Staatsbibliothek zu Berlin - Preußischer Kulturbesitz

A virtual National Library is a dream or should we say an ideal that the BnF has been pursuing since its opening in 1998. What place is there for manuscripts and precisely modern - i. e. non medieval -ones in such a development ?

There are roughly two sides to the problem :

First there is a museographic point of view, aiming at the widest public : the virtual exhibitions presented on the BnF site provide, among other treasuries, a selection of images of manuscripts. Such is the case for the Proust, Hugo and Zola exhibitions. Initiated in 1997, the GALLICA project – soon to be replaced by GALLICA 2 –presents, besides a virtual library in the making, an anthology of the best pieces in our collections, among them some remarkable manuscripts.
The image library, available on the net, offers a wide selection of pages of interest from modern manuscripts.

Then comes the more traditional research library aspect. The BnF wishes to enable the researcher to work from his desk on some, if not all, of its manuscripts, having at his disposal not only the corpus but the transcriptions, the codicological and bibliographical descriptions, plus notes and hyperlinks. This is not an easy task as it requires the joint efforts of different specialists such as curators, academics and informaticians. The computerization of our catalogues is in progress : the printed catalogues are being digitized (with optical recognition of characters). Bibliographical descriptions written on Word files are retroconverted in XML/EAD, while cataloguing is now done exclusively in EAD. This new catalogue « BnF archives et manuscrits » has been on line since september 2007.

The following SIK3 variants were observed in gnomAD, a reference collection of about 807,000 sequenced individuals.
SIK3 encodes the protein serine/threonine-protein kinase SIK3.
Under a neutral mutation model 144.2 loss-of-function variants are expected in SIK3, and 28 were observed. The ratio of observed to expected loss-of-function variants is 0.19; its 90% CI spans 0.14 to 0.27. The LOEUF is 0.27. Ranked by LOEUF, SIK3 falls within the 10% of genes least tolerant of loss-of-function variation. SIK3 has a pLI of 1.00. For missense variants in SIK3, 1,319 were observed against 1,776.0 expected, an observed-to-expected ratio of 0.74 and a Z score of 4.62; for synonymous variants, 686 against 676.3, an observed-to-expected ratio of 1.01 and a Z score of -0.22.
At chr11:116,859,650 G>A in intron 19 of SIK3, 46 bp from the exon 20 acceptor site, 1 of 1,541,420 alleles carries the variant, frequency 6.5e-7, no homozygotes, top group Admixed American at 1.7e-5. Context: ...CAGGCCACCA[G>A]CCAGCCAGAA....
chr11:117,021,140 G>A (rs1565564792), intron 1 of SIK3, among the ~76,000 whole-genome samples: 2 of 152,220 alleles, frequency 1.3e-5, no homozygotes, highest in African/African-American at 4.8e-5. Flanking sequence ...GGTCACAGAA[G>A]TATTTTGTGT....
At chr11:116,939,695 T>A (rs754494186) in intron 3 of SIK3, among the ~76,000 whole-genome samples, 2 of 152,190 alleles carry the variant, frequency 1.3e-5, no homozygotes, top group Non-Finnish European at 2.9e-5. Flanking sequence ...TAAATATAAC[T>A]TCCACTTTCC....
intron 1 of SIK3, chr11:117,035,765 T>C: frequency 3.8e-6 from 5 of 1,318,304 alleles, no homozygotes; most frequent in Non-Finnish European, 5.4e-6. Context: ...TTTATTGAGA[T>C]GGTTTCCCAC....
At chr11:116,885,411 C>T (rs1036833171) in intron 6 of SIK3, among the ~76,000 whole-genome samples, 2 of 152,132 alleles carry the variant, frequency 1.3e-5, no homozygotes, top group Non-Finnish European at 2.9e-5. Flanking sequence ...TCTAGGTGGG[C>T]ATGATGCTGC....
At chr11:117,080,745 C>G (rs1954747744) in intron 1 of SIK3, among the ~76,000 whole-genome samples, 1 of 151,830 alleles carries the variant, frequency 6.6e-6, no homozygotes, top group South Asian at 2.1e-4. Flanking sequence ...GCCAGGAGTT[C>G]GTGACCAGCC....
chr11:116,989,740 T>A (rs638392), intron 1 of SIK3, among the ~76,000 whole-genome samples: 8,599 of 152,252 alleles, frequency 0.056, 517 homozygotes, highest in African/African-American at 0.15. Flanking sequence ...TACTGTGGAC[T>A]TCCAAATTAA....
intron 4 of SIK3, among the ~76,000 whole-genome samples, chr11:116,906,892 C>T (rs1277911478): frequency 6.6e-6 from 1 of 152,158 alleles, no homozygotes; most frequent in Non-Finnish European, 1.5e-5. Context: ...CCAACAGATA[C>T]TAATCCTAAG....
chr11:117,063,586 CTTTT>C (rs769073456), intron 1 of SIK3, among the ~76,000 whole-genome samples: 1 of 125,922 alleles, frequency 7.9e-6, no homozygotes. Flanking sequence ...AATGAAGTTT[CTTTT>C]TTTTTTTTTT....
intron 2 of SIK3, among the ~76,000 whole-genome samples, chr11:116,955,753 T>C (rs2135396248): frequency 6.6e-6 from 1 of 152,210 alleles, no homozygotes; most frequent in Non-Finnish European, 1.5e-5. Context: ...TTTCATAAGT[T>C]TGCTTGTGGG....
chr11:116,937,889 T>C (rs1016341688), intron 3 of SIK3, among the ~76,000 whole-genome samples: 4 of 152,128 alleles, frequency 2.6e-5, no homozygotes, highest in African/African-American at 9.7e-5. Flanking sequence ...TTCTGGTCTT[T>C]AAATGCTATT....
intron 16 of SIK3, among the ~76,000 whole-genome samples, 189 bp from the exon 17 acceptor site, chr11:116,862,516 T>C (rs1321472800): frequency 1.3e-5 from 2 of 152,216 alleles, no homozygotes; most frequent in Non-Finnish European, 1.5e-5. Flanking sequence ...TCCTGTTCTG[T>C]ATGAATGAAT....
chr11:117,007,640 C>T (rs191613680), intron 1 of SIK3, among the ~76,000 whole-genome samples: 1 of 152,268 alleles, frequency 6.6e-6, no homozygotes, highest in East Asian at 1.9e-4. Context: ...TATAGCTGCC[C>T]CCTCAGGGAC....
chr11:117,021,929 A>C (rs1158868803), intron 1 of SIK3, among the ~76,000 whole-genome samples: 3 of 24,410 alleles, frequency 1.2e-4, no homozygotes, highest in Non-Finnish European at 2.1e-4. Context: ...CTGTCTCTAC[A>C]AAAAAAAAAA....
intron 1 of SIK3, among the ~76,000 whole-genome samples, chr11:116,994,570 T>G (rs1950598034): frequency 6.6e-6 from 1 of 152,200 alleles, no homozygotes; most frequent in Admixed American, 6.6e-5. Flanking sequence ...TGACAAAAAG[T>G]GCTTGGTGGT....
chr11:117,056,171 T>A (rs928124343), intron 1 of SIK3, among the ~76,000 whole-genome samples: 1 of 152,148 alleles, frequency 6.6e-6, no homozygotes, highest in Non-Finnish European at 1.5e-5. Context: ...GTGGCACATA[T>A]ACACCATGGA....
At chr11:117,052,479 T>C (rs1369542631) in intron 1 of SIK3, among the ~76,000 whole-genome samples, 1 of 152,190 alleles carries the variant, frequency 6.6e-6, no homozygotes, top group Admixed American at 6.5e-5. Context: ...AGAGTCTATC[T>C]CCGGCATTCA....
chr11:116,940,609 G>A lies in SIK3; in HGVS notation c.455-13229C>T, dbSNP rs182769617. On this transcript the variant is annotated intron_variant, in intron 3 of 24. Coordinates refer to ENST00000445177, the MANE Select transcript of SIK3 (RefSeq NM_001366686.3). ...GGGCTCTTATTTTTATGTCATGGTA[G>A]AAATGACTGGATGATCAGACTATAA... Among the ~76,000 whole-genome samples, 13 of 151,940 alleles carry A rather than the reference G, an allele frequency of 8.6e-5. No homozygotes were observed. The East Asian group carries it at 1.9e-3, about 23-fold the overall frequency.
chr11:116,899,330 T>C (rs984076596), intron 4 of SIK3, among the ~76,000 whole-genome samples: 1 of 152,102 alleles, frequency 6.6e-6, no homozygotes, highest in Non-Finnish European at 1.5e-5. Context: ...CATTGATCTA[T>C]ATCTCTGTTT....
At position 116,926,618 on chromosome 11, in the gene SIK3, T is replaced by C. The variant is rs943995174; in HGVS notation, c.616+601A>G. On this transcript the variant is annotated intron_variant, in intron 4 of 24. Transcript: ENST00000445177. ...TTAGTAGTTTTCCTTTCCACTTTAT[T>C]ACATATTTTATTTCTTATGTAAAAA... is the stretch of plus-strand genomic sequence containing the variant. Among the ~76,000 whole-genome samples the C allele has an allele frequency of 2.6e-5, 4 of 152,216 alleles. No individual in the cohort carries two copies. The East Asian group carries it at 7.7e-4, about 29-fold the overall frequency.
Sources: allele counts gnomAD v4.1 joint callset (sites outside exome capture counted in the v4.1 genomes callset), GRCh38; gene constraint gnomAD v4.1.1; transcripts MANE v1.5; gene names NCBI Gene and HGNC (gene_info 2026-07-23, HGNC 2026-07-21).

GALLICA, though focused on printed documents, nevertheless presents some very important manuscripts, by Marcel Proust and Emile Zola for instance, digitized by the BNF and fully commentated and analysed by teams of experts.

In 2006, the Manuscript department took a new step with the IDA project (Interchange of Data between administrations) with the partnership of ITEM (Institut des textes et manuscrits modernes) and INRIA (Institut national de Recherche en Informatique et Automatique). The digitized manuscripts were Flaubert’s Trois contes, a diary by Proust and another one by Paul Valery.
OPTIMA, initiated in 2007, continues and enlarges the experimental IDA project with the same authors but a much wider corpus. Last but not least a collaboration between the BnF, the Municipal Library of Bordeaux, the Ecole Normale Supérieure of Lyon and the University of Caen is at work to digitize the manuscripts of Montesquieu, beginning with Esprit des Lois, providing as well the metadatas and hyperlinks.
Besides, we are currently digitizing important collections or items recently entered such as the Georges Clémenceau papers or Marie and Irène Curie’s letters.

If, for the moment, only a percentage of modern manuscripts is catalogued and available on the net, this situation is about to change. In the years to come, the Manuscript department will drop microfilming to use digitization as a standard way of preservation. We hope to be able to digitize our microfilms as well, in order to build a large digital manuscripts library reachable both through our catalogue and through Gallica. And some future projects are in view, all including a rewarding cooperation between different types of institutions, national as well as international ones.

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